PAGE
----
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    How much are the monthly payments? – Kevin Jul 27 '18 at 13:08
  • @ivanivan Wait, why do you have to start making the monthly payments when the interest already pays them? – Michael Jul 28 '18 at 1:47
  • @Michael if I withdraw the $13k-ish in cash that is sitting there generating the interest that makes the payments? Sorry, bad grammar may have gotten the best of me... – ivanivan Jul 28 '18 at 2:14
  • @ivanivan Sorry, guess reading comprehension got the better of me, I missed the part about taking the entire savings fund out. – Michael Jul 28 '18 at 20:47
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as a safety net for emergencies

Well, no. There are more emergencies than death.

Yes, you need life insurance. There are a number of rules of thumb, but 10-20X your income is the range. The higher end for a wife with no income and kids, the lower end if just the wife. $300/yr for $500K is term, and whatever you do, I'd stay with term.

More than that, I'd look to the usual things to boost your security, e.g. the emergency savings, and starting to save aggressively towards retirement.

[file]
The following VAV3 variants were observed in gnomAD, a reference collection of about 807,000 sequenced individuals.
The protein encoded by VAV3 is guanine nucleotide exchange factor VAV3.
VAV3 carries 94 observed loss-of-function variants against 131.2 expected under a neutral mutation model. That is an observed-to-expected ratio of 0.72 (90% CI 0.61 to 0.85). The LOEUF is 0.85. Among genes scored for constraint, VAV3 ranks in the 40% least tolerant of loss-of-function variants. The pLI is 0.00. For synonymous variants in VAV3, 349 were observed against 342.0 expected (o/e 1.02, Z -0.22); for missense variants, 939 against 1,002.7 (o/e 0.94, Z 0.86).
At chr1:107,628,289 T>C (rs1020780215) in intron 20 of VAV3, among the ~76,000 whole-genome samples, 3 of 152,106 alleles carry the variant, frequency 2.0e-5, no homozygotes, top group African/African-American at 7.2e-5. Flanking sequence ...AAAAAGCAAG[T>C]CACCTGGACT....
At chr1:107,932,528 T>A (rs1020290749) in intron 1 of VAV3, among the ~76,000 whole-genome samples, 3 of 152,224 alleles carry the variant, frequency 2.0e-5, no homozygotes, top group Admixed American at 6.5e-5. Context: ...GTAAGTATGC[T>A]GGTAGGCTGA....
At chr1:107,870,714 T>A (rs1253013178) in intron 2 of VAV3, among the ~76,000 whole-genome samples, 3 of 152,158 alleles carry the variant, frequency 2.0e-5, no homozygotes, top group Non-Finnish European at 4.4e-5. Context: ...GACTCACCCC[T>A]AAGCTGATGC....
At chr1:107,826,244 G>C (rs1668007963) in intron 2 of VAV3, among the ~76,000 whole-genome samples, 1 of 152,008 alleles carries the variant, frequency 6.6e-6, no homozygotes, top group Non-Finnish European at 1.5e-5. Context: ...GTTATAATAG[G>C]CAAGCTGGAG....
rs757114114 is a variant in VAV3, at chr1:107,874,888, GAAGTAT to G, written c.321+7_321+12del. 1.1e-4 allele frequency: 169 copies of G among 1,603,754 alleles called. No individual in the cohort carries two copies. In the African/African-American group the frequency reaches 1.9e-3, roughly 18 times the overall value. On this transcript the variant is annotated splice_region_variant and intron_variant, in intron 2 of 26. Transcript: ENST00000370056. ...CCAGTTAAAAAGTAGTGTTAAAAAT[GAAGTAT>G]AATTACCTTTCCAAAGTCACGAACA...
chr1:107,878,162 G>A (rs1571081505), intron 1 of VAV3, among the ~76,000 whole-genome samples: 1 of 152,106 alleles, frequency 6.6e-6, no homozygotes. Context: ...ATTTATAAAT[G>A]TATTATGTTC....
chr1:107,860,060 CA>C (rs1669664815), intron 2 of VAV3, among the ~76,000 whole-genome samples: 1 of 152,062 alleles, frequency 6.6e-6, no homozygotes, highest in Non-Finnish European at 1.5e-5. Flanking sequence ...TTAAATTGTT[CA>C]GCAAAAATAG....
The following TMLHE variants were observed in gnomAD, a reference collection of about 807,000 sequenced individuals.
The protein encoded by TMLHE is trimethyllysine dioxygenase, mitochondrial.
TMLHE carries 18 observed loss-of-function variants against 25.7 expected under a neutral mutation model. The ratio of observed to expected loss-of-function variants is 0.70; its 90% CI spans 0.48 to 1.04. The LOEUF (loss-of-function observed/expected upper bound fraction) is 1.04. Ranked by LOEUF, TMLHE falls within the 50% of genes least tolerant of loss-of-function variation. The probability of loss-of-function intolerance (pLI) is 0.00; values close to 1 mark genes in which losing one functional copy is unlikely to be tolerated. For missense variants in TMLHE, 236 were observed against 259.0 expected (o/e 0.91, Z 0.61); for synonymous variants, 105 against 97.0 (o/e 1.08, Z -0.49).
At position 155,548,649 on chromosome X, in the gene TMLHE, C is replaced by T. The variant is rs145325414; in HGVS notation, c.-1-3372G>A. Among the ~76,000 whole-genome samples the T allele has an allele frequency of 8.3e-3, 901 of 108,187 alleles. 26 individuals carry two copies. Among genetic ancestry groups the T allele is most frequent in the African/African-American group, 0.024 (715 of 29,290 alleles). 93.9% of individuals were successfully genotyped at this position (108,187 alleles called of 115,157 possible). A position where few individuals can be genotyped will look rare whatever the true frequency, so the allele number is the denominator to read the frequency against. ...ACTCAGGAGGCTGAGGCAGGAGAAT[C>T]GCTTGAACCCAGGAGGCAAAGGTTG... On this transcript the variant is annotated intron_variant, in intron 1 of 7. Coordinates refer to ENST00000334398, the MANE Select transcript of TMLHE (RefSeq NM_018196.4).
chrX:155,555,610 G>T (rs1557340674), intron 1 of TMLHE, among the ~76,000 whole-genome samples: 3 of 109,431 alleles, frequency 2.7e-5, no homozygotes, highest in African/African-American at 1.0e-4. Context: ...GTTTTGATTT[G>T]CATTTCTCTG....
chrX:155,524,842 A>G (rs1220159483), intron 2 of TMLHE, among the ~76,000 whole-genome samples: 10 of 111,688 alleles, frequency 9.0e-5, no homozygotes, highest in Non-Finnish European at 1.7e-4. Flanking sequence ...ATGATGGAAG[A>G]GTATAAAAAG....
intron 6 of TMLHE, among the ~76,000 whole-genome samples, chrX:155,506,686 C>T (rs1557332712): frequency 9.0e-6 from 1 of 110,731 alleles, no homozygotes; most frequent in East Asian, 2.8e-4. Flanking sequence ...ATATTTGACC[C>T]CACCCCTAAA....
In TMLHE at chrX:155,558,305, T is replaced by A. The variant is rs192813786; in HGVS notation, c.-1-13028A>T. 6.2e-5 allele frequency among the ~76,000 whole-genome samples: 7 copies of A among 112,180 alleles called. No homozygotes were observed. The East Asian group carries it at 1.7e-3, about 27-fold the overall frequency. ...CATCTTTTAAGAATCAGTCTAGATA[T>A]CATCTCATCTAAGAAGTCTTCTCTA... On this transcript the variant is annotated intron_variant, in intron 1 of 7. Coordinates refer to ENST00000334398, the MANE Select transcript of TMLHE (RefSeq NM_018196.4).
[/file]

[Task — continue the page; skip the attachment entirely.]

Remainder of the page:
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Life insurance is not "a safety net for emergencies". It's for one single situation, where you die. Doesn't do anything if you're for instance merely seriously disabled and unable to work.

In your situation, I would say that having life insurance is a good idea. However, $500K is not going to be sufficient to support your spouse indefinitely at your current standard of living. (I'm assuming from context that you're in the US.) A better plan would be to get your spouse into a position where she can support herself (and perhaps you in the event of disability).

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    and as part of that better plan, get term life insurance in the meantime, because you almost certainly can't get your spouse into such a position overnight and you never know when you'll be out of time. – Paulpro Jul 27 '18 at 23:09
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Life insurance is not an "investment" anymore than car insurance is. It's insurance.